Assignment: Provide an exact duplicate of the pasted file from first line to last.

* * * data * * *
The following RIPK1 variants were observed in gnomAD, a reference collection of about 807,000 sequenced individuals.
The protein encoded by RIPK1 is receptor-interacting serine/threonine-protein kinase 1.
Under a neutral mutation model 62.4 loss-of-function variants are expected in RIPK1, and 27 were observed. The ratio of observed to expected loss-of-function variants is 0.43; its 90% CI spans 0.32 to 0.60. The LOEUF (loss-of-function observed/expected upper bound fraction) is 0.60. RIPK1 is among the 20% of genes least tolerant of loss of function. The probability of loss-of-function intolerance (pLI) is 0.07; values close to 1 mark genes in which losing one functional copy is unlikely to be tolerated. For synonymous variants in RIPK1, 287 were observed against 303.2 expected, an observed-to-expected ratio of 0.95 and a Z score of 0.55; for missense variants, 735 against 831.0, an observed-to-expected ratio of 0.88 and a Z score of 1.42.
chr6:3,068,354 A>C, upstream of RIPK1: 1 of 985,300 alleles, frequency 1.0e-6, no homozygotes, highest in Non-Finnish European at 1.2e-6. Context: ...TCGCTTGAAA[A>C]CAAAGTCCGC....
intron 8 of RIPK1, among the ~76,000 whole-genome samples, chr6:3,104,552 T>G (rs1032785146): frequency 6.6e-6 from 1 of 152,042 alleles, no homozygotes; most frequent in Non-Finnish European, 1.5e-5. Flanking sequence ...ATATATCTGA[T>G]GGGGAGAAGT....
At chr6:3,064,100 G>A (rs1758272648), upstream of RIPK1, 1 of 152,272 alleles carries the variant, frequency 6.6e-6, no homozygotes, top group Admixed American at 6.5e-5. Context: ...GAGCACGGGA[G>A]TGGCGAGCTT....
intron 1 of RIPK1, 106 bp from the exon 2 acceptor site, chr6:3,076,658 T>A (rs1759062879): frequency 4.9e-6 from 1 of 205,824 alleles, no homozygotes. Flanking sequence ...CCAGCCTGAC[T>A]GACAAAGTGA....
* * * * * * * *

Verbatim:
The following RIPK1 variants were observed in gnomAD, a reference collection of about 807,000 sequenced individuals.
The protein encoded by RIPK1 is receptor-interacting serine/threonine-protein kinase 1.
Under a neutral mutation model 62.4 loss-of-function variants are expected in RIPK1, and 27 were observed. The ratio of observed to expected loss-of-function variants is 0.43; its 90% CI spans 0.32 to 0.60. The LOEUF (loss-of-function observed/expected upper bound fraction) is 0.60. RIPK1 is among the 20% of genes least tolerant of loss of function. The probability of loss-of-function intolerance (pLI) is 0.07; values close to 1 mark genes in which losing one functional copy is unlikely to be tolerated. For synonymous variants in RIPK1, 287 were observed against 303.2 expected, an observed-to-expected ratio of 0.95 and a Z score of 0.55; for missense variants, 735 against 831.0, an observed-to-expected ratio of 0.88 and a Z score of 1.42.
chr6:3,068,354 A>C, upstream of RIPK1: 1 of 985,300 alleles, frequency 1.0e-6, no homozygotes, highest in Non-Finnish European at 1.2e-6. Context: ...TCGCTTGAAA[A>C]CAAAGTCCGC....
intron 8 of RIPK1, among the ~76,000 whole-genome samples, chr6:3,104,552 T>G (rs1032785146): frequency 6.6e-6 from 1 of 152,042 alleles, no homozygotes; most frequent in Non-Finnish European, 1.5e-5. Flanking sequence ...ATATATCTGA[T>G]GGGGAGAAGT....
At chr6:3,064,100 G>A (rs1758272648), upstream of RIPK1, 1 of 152,272 alleles carries the variant, frequency 6.6e-6, no homozygotes, top group Admixed American at 6.5e-5. Context: ...GAGCACGGGA[G>A]TGGCGAGCTT....
intron 1 of RIPK1, 106 bp from the exon 2 acceptor site, chr6:3,076,658 T>A (rs1759062879): frequency 4.9e-6 from 1 of 205,824 alleles, no homozygotes. Flanking sequence ...CCAGCCTGAC[T>A]GACAAAGTGA....